The board also hired Holcomb Foundation Engineering for material testing at the new courthouse.

Pate Funeral Home Receives Illinois Award of Funeral Service Distinction

Pate Funeral Home, of Benton, was recently recognized by the Illinois Funeral Directors Association as a recipient of its first Illinois Award of Funeral Service Distinction. There were ten funeral homes that achieved this prestigious honor for their efforts during 2019-2020.

Steven Pate

“Congratulations to all of the recipients of the 2020 Illinois Award of Funeral Service Distinction,” said 2020-2021 IFDA President Robert J. Smith, Jr. “You are an example of what is best in funeral service. We encourage every IFDA member to strive for and receive this award, and to enhance their service to the community.”

This is the third year that the association has established the awards program as a way to recognize the exemplary and enduring contributions that its members make to the communities they serve, as well as to the funeral profession. The Illinois Award of Funeral Service Distinction has been instituted to recognize IFDA members for their outstanding achievements in select areas and to promote initiatives in social and educational areas. These firms inspire future generations of leaders to higher levels of achievement.

Entries and the accompanying criteria were carefully reviewed by the IFDA Illinois Award of Funeral Service Distinction Committee. Pate Funeral Home completed stringent funeral service criteria related to Community Outreach, Family Outreach, and Professional Development.

IFDA represents 478 funeral homes and more than 1,100 individual licensed Illinois Funeral Directors and Embalmers who adhere to the IFDA Constitution and Code of Professional Conduct in addition to the Funeral Directors and Embalmers Licensing Code.

The cost of a gap year could come back to haunt you

By Terry Wilkerson
Rend Lake College President

College students have a decision to make this fall. Are online classes the best option? Is heading back to campus worth the risk during a global pandemic? Is this the best time to take a year off?

Many prospective college students are enticed by the “gap year” — an academic break for students between high school and college. With the traditional college experience in jeopardy, now is the perfect time, right? Well, it may come back to hurt your pocketbook in the future.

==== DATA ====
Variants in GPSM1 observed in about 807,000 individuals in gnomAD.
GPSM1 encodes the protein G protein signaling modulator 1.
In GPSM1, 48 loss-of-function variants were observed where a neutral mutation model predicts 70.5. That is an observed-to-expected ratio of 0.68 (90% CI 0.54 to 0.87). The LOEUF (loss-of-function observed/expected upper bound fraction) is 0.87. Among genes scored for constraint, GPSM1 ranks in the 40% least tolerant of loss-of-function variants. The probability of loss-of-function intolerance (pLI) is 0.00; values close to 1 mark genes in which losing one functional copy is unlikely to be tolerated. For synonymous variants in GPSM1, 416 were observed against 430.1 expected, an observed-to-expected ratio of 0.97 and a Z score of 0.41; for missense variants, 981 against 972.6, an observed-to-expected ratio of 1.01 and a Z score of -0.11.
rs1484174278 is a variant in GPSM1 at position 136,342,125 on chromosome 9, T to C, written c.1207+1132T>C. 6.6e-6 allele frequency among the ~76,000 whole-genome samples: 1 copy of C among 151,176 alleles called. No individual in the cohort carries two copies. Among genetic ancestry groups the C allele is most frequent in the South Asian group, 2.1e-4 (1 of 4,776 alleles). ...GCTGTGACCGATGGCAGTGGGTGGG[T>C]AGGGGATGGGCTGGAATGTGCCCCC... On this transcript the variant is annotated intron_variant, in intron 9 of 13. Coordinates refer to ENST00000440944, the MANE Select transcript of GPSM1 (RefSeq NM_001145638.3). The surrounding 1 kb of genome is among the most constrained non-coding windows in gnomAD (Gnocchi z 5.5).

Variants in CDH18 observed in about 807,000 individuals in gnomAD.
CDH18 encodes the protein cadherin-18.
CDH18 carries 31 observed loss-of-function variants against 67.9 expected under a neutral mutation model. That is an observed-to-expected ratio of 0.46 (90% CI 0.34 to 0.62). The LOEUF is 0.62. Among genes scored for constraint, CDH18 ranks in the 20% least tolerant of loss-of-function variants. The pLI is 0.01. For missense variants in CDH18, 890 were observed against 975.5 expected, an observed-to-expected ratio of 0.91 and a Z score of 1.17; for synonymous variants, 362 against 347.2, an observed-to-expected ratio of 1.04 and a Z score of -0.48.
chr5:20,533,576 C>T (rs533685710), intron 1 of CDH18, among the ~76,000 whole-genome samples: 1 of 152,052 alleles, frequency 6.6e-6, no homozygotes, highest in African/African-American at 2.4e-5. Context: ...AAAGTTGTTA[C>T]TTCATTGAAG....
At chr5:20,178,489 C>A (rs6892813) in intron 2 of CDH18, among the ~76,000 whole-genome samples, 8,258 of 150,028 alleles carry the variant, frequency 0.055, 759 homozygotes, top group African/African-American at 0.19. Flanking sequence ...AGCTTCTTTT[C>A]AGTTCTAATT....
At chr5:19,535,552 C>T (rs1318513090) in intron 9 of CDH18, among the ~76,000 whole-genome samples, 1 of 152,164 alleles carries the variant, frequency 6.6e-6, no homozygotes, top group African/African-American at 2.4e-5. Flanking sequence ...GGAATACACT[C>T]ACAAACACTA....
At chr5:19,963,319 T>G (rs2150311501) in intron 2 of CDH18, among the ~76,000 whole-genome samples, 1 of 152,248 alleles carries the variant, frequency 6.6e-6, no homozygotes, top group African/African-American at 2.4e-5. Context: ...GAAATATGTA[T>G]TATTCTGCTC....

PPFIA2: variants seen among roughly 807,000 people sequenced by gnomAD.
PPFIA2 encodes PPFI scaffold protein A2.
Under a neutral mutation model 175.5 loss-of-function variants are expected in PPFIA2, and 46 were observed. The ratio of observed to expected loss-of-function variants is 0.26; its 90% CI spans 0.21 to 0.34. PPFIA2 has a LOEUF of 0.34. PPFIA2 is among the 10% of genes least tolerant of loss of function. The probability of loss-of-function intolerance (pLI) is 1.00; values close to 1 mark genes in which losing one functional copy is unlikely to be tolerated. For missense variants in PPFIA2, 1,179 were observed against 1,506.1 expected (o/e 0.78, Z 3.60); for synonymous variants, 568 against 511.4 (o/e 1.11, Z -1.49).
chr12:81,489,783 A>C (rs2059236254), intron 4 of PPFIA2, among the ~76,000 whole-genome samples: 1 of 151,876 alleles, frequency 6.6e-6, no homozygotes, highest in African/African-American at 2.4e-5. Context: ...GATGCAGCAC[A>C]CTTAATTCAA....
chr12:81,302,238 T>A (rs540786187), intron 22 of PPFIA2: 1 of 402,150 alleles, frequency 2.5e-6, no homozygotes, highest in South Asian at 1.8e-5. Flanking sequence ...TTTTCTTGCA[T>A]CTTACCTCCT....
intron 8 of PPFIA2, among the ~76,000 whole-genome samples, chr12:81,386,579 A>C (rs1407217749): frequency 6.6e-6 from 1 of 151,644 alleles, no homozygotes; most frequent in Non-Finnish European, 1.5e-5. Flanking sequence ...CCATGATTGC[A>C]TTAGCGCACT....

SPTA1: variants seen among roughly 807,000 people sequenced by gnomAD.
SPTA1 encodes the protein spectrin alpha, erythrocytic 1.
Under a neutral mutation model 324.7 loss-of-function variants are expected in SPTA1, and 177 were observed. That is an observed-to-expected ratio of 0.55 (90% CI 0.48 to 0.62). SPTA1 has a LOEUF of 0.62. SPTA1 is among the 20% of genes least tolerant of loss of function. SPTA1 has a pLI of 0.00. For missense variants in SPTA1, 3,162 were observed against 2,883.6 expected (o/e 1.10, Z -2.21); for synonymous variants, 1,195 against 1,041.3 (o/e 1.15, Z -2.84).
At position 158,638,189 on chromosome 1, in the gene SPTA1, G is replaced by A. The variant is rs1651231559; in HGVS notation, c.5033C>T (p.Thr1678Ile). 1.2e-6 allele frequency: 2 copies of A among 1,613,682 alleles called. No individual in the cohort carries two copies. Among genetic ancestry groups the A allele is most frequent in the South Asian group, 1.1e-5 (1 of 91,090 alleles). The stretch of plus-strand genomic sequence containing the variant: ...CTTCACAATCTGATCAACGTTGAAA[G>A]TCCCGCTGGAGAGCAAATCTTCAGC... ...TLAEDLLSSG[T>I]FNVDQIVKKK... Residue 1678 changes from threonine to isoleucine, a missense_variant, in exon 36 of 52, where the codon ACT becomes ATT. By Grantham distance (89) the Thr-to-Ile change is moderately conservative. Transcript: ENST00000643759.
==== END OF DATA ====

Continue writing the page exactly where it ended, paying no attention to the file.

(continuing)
A study from the Federal Reserve Bank of New York estimates a student can lose up to $90,000 in future earnings by taking a gap year. This happens because a graduate would enter the job market later than they could have. They miss out on that initial year of wages as they finish college later than expected. And that wage loss can compound each year compared to the earnings of someone who entered the job market ahead of them.
“Together, these costs add up to more than $90,000 over one’s working life, which erodes the value of a college degree,” the study states.

Plus, if you are not earning money during your academic break, a gap year is going to cost you money. It may even cost you scholarships or financial aid when you do return to college if they are not guaranteed for the next year.

The traditional college experience may be out of reach, but that is no reason to fall behind. Rend Lake College’s plan for fall instruction will mostly be online learning. But at a fraction of the cost of classes offered at four-year institutions, a college student can save thousands of dollars each semester by choosing RLC.

And online classes have never been more affordable at RLC. The college has waived its online fee this fall, meaning a full-time student can save around $300 for the semester. With more than 80% of students qualifying for some form of financial aid, most students can find assistance when paying for classes.